Easton's Bible Dictionary
A word of Anglo-Saxon origin, and meaning "God's spell", i.e., word of God, or rather, according to others, "good spell", i.e., good news. It is the rendering of the Greek evangelion, i.e., "good message." It denotes (1) "the welcome intelligence of salvation to man as preached by our Lord and his followers.
(2.) It was afterwards transitively applied to each of the four histories of our Lord's life, published by those who are therefore called `Evangelists', writers of the history of the gospel (the evangelion).
(3.) The term is often used to express collectively the gospel doctrines; and `preaching the gospel' is often used to include not only the proclaiming of the good tidings, but the teaching men how to avail themselves of the offer of salvation, the declaring of all the truths, precepts, promises, and threatenings of Christianity." It is termed "the gospel of the grace of God" (Acts 20:24), "the gospel of the kingdom" (Matthew 4:23), "the gospel of Christ" (Romans 1:16), "the gospel of peace (Ephesians 6:15), "the glorious gospel," "the everlasting gospel," "the gospel of salvation" (Ephesians 1:13).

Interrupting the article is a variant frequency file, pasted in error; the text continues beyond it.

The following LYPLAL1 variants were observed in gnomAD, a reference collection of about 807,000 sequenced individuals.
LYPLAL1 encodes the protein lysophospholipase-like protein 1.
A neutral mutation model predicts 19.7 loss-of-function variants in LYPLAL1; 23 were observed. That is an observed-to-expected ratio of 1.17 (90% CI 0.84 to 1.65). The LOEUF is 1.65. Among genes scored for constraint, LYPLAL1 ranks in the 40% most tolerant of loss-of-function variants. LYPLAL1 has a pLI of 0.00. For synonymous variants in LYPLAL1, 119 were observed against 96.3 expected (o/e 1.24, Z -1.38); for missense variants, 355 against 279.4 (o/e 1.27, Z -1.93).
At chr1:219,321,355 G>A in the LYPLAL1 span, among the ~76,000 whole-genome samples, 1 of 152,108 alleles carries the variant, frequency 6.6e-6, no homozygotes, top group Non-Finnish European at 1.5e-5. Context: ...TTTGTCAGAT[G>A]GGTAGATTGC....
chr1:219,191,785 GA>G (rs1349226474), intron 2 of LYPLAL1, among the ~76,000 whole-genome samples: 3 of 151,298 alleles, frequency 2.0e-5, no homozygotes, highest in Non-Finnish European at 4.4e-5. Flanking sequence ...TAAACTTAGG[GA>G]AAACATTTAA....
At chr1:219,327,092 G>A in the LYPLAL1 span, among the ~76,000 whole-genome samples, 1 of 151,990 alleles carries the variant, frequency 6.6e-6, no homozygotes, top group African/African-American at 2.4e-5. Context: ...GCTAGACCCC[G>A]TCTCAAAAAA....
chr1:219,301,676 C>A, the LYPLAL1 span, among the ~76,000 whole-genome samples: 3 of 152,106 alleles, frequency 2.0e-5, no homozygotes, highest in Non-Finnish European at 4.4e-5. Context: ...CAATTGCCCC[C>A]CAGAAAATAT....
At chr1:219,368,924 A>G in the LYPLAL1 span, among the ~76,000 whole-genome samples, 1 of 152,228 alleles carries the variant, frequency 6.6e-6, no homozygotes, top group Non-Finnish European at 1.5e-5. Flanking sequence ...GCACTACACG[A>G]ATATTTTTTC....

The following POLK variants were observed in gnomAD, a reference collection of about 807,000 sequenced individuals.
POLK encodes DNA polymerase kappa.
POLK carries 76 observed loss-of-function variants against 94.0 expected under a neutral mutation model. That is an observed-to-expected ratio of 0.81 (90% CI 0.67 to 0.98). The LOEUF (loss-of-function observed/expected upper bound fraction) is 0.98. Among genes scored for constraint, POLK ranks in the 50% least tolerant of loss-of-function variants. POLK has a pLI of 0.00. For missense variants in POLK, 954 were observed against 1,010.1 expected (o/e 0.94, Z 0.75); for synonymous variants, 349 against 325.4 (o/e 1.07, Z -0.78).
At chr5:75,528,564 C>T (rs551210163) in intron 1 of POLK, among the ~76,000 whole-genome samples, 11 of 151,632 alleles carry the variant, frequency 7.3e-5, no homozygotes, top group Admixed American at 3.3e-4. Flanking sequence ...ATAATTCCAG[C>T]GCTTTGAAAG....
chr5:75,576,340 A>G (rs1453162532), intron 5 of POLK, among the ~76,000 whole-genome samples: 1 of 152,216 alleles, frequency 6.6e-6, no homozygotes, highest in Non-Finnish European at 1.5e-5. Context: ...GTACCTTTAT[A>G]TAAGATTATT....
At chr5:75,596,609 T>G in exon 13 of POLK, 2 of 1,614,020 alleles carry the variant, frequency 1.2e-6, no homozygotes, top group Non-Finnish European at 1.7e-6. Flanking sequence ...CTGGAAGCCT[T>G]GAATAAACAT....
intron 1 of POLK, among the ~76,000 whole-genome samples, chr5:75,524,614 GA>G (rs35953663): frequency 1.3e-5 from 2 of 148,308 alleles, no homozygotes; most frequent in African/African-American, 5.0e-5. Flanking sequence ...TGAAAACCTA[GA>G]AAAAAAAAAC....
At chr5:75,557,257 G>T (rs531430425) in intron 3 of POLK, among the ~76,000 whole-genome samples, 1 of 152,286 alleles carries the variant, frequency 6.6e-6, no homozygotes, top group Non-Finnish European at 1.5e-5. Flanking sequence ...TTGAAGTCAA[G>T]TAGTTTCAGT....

Noah Webster's New International Dictionary of the English Language
1. (v.) Glad tidings; especially, the good news concerning Christ, the Kingdom of God, and salvation.
2. (n.) One of the four narratives of the life and death of Jesus Christ, written by Matthew, Mark, Luke, and John.
3. (n.) A selection from one of the gospels, for use in a religious service; as, the gospel for the day.
4. (n.) Any system of religious doctrine; sometimes, any system of political doctrine or social philosophy; as, this political gospel.
5. (v.) Anything propounded or accepted as infallibly true; as, they took his words for gospel.
6. (a.) Accordant with, or relating to, the gospel; evangelical; as, gospel righteousness.
7. (v. t.) To instruct in the gospel.